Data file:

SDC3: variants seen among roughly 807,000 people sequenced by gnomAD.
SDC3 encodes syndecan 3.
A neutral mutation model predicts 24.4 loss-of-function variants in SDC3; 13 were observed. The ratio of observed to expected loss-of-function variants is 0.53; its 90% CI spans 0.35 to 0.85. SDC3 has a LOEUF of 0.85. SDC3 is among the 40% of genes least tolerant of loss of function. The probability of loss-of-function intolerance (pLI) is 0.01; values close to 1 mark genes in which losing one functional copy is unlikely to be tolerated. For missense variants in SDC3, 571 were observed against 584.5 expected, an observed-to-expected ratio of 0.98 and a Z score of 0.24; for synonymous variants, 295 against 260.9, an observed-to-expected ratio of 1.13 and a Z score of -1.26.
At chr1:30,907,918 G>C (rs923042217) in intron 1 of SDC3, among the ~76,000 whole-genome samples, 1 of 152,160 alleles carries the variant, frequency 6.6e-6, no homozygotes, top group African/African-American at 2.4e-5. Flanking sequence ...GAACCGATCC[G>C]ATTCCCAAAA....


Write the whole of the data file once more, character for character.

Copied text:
SDC3: variants seen among roughly 807,000 people sequenced by gnomAD.
SDC3 encodes syndecan 3.
A neutral mutation model predicts 24.4 loss-of-function variants in SDC3; 13 were observed. The ratio of observed to expected loss-of-function variants is 0.53; its 90% CI spans 0.35 to 0.85. SDC3 has a LOEUF of 0.85. SDC3 is among the 40% of genes least tolerant of loss of function. The probability of loss-of-function intolerance (pLI) is 0.01; values close to 1 mark genes in which losing one functional copy is unlikely to be tolerated. For missense variants in SDC3, 571 were observed against 584.5 expected, an observed-to-expected ratio of 0.98 and a Z score of 0.24; for synonymous variants, 295 against 260.9, an observed-to-expected ratio of 1.13 and a Z score of -1.26.
At chr1:30,907,918 G>C (rs923042217) in intron 1 of SDC3, among the ~76,000 whole-genome samples, 1 of 152,160 alleles carries the variant, frequency 6.6e-6, no homozygotes, top group African/African-American at 2.4e-5. Flanking sequence ...GAACCGATCC[G>C]ATTCCCAAAA....